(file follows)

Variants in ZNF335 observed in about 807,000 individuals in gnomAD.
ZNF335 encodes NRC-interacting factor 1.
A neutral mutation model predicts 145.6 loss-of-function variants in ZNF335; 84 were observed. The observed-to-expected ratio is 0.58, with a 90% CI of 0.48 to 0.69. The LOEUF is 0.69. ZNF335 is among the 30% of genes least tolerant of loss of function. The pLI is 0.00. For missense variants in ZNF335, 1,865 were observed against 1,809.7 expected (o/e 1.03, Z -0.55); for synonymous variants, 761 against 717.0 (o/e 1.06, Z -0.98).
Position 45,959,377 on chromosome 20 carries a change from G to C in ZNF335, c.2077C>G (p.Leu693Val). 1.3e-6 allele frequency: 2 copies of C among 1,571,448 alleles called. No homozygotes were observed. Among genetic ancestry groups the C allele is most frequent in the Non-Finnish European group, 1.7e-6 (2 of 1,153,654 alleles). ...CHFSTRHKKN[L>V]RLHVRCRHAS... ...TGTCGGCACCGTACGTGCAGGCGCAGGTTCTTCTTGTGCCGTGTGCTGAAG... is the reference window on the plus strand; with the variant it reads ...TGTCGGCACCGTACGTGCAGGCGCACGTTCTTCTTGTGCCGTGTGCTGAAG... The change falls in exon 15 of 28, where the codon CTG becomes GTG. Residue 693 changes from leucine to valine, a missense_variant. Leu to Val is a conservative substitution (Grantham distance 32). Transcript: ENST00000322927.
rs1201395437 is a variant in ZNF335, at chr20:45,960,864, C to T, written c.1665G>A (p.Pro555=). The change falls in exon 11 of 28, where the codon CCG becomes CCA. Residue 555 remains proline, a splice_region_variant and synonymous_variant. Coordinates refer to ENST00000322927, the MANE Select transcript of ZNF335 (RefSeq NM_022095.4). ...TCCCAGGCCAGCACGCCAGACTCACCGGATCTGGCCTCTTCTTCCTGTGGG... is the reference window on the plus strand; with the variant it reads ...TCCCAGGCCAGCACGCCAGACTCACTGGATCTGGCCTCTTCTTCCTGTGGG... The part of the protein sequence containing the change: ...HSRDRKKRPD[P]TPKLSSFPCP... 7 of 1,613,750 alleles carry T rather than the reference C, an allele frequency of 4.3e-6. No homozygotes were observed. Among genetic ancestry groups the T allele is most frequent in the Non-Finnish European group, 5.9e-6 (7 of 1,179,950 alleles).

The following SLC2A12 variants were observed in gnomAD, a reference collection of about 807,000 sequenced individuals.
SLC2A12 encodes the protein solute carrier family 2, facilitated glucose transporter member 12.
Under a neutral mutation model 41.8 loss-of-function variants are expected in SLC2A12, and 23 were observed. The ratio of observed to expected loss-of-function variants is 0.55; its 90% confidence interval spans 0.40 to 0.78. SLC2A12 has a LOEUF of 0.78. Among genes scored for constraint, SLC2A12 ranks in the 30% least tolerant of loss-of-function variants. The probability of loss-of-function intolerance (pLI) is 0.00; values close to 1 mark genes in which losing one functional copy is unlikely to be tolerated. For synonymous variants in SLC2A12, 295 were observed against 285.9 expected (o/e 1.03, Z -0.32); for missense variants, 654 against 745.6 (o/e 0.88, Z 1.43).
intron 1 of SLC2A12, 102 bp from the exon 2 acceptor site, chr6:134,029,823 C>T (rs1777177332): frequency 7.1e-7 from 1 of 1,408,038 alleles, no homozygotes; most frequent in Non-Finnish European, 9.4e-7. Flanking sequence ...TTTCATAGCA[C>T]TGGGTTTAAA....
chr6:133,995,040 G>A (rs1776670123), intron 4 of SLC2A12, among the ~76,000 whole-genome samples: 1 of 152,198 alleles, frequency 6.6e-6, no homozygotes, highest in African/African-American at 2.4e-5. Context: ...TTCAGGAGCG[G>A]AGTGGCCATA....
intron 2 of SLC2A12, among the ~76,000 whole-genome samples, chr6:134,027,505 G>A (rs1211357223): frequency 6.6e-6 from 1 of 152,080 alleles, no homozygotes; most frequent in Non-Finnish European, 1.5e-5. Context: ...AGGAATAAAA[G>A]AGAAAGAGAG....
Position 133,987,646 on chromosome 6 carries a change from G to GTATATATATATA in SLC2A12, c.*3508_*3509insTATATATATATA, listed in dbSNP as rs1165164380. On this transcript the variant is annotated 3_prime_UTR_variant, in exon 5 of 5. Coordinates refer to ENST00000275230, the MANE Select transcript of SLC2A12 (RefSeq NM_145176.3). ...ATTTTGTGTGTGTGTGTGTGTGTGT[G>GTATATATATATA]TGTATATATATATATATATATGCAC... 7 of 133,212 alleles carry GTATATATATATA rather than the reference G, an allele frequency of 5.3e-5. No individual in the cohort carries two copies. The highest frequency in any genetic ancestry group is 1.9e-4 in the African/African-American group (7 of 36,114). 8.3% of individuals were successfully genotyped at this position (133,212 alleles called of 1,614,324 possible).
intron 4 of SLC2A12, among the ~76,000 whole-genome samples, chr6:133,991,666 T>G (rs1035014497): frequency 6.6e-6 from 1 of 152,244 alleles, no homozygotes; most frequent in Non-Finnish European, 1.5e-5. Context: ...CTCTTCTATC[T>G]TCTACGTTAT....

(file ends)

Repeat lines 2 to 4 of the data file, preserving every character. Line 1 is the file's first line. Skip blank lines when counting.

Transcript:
ZNF335 encodes NRC-interacting factor 1.
A neutral mutation model predicts 145.6 loss-of-function variants in ZNF335; 84 were observed. The observed-to-expected ratio is 0.58, with a 90% CI of 0.48 to 0.69. The LOEUF is 0.69. ZNF335 is among the 30% of genes least tolerant of loss of function. The pLI is 0.00. For missense variants in ZNF335, 1,865 were observed against 1,809.7 expected (o/e 1.03, Z -0.55); for synonymous variants, 761 against 717.0 (o/e 1.06, Z -0.98).
Position 45,959,377 on chromosome 20 carries a change from G to C in ZNF335, c.2077C>G (p.Leu693Val). 1.3e-6 allele frequency: 2 copies of C among 1,571,448 alleles called. No homozygotes were observed. Among genetic ancestry groups the C allele is most frequent in the Non-Finnish European group, 1.7e-6 (2 of 1,153,654 alleles). ...CHFSTRHKKN[L>V]RLHVRCRHAS... ...TGTCGGCACCGTACGTGCAGGCGCAGGTTCTTCTTGTGCCGTGTGCTGAAG... is the reference window on the plus strand; with the variant it reads ...TGTCGGCACCGTACGTGCAGGCGCACGTTCTTCTTGTGCCGTGTGCTGAAG... The change falls in exon 15 of 28, where the codon CTG becomes GTG. Residue 693 changes from leucine to valine, a missense_variant. Leu to Val is a conservative substitution (Grantham distance 32). Transcript: ENST00000322927.